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White-beaked dolphin stranding, Leith
On Friday 11th July at 07:35, we received a call from Police Constable James Dee about a live-stranded dolphin on the shore opposite Cramond Island near Leith, Edinburgh.
Local BDMLR Coordinators Gareth Norman and David Fuller-Shapcott were scrambled to the scene, as Dr Kevin Robinson (Director of the CRRU and National Coordinator for BDMLR Scotland) talked the constable through an assessment procedure and basic first aid administration for the clearly distressed animal, to make it as comfortable as possible. With Stephanie Castle at the helm, the CRRU team spent the following hours rounding up local BDMLR, SSPCA and Deep Sea World Medics from the Edingurgh area.Over the next few hours, the rescue party gradually grew in number as the local Lothian & Borders fire-fighting team joined the rescue effort. In the meantime, the CRRU team worked exhaustively from land and mobile lines to find a vet from the Royal Veterinary College in Edinburgh to assist the animal.
Dr Robinson's initial phone assessment with PC Dee indicated that the casualty was a male white-beaked dolphin (Lagenorhynchus albirostris), approximately 9 ft in length. The animal had been discovered at 04:30 hrs that morning by a local couple on an early morning walk. Initially thought to be in good body condition, photographs of the dolphin were emailed from the scene to BDMLR Senior Vet James Barnett in West Sussex who concluded that the animal was in fact quite badly malnourished with little muscle tone around and beneath the dorsal fin (photo right).
Veterinarian Maria Parker arrived on the scene at approximately 11:00 hrs from the Small Animal Hospital at Edinburgh Zoo. A blood sample was taken by the vet and the dolphin's temperature was measured. A check was also made of the teeth which revealed that many were absent and those that were present were very worn; indicating an older animal.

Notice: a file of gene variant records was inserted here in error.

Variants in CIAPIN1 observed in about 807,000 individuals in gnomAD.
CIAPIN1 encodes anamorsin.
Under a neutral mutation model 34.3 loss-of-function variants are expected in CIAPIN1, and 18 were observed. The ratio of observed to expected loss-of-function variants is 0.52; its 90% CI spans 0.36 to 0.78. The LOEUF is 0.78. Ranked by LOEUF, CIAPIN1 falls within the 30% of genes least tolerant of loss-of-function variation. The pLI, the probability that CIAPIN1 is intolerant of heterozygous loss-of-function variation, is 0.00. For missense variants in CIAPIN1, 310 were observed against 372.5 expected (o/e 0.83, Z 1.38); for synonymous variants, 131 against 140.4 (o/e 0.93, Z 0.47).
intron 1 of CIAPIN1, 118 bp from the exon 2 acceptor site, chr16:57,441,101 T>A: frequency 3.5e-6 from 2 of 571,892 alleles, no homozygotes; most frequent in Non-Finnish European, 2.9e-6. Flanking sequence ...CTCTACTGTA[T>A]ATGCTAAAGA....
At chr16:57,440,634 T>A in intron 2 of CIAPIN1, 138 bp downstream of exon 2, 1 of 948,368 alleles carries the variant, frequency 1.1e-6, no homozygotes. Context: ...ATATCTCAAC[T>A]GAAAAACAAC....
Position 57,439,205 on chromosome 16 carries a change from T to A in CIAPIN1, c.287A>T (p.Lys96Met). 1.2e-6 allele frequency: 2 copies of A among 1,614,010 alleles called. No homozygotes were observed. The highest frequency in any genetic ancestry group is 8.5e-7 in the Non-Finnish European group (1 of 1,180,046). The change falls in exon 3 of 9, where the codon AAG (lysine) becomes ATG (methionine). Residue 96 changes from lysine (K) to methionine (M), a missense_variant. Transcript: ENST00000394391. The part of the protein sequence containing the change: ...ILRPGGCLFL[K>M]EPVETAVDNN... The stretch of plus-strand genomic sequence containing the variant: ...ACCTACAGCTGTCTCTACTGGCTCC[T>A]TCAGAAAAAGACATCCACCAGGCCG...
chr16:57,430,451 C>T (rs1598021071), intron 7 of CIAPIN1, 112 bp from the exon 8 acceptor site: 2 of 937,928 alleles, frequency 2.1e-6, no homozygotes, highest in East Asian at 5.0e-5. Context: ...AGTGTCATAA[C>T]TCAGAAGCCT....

Based on these findings, the vets decided that they could not support a refloat for an animal in this condition. However, the rescue team decided that after all their hard work with the animal, they would still wait for the results of the blood results before any decision was made to put the dolphin to sleep, and medics continued to keep the animal in as stable a condition as possible.
When the news of the blood results arrived, however, there was further bad news. Following sedation, a lethal injection was finally administered at 14:30 hrs.
These decisions are never taken lightly, and it is always very hard for all those present at such an event - who have all worked so hard and for so many hours with the animal - to endure such an outcome. However, the welfare of the dolphin ultimately has to be put first.
From all at CRRU HQ, a HUGE thank you to all those organisations and individuals who worked so effectively together to make this operation run so smootly: especially local bobbies James Dee & Raymond Jarrett, the Lothian Fire Fighters, BDMLR, CRRU & SSPCA medics at and behind the scenes, staff at Deep Sea World, attending vets Maria Parker & Rachel Kilroy, BDMLR vet James Barnett, and supporting members of the public! Thank you.
To learn more about the species, visit: our "fact file" section HERE.Back to news